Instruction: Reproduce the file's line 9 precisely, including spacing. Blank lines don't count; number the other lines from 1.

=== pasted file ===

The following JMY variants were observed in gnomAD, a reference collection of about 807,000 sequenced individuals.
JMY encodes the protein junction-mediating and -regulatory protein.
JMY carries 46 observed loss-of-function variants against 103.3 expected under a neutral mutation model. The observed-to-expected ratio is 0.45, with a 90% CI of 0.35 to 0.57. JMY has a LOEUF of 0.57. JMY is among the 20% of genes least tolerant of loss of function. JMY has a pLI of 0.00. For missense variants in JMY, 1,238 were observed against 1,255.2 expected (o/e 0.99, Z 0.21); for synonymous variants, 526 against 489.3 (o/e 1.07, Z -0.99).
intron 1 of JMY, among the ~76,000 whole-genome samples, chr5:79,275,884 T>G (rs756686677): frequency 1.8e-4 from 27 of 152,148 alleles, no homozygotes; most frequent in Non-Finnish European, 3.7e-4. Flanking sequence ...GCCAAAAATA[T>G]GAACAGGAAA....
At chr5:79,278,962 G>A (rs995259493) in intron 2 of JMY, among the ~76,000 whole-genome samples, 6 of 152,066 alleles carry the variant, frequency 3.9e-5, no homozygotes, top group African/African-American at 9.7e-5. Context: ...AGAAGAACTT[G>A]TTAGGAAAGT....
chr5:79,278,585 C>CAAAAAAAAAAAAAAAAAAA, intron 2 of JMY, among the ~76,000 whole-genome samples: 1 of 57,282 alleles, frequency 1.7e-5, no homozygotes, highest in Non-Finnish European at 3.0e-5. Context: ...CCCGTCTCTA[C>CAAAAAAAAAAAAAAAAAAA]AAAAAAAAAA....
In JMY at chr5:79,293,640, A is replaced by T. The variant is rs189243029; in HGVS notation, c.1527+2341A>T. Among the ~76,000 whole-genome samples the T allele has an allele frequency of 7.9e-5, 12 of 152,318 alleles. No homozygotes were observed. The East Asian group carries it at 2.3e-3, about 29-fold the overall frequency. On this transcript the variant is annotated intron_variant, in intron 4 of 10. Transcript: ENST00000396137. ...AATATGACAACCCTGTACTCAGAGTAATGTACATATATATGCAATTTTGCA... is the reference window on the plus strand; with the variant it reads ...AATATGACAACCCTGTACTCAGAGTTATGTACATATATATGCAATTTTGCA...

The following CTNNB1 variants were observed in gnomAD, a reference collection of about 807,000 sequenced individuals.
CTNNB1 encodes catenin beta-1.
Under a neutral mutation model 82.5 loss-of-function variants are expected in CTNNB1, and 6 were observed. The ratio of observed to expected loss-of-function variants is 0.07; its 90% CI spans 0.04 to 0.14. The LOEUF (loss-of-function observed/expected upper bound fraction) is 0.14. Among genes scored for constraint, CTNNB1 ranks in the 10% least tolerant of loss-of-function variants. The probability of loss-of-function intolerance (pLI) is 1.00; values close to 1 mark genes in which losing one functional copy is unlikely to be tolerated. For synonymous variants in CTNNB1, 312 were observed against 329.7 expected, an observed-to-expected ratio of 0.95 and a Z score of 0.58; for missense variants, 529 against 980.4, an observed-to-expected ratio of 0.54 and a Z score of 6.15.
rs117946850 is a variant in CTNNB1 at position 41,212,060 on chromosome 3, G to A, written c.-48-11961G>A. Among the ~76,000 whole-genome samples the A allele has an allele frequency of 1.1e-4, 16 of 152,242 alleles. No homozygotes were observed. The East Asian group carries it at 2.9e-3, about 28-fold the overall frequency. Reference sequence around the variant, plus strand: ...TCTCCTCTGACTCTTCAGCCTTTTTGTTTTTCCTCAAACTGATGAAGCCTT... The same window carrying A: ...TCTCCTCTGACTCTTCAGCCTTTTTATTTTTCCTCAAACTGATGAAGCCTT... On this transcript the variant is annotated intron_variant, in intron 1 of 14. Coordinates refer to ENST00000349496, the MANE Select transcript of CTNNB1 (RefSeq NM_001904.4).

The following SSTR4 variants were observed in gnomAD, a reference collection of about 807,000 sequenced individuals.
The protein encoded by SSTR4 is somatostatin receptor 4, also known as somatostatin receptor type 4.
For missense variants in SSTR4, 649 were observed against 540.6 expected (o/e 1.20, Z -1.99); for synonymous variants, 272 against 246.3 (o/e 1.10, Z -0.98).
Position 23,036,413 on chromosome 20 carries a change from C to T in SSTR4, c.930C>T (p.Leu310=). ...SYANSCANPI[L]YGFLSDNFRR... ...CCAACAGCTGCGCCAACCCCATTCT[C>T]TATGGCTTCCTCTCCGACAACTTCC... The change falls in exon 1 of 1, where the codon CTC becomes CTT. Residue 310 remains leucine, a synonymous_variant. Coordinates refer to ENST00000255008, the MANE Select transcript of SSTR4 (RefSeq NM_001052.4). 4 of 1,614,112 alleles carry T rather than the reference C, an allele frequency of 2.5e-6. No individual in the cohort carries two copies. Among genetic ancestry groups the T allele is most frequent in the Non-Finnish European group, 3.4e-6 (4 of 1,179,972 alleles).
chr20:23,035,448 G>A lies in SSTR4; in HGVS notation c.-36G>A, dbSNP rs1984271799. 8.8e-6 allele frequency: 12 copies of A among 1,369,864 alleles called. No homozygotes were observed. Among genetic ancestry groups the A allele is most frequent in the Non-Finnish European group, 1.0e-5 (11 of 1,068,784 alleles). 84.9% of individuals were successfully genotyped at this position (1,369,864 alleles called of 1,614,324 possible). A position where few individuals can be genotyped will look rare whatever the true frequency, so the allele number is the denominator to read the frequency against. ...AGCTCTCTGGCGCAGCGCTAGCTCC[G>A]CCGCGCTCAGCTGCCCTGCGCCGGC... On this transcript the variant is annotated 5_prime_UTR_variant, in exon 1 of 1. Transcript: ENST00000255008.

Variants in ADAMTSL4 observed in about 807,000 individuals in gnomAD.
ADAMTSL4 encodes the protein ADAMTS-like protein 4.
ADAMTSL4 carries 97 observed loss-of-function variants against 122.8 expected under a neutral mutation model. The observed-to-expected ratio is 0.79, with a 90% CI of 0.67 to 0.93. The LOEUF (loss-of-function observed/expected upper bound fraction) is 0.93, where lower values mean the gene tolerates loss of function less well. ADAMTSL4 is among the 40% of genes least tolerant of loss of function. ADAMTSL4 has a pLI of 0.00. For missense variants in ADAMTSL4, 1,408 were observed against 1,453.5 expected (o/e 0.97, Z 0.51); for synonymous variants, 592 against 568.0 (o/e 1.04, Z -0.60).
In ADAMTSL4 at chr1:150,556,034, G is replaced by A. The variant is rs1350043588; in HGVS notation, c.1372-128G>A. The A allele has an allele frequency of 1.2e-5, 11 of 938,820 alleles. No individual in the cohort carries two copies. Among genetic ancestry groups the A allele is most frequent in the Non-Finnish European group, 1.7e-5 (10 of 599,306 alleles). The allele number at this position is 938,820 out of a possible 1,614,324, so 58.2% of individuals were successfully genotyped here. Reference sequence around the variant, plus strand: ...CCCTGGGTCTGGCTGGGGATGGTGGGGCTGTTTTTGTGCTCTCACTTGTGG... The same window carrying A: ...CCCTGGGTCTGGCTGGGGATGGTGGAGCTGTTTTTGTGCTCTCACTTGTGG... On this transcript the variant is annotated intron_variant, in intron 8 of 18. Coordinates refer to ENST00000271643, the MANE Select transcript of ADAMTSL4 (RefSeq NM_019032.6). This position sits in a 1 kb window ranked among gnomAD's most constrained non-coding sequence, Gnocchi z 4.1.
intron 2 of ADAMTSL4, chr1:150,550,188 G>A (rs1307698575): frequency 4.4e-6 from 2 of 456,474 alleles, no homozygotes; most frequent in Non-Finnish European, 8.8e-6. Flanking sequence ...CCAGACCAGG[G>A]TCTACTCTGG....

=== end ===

CTNNB1 encodes catenin beta-1.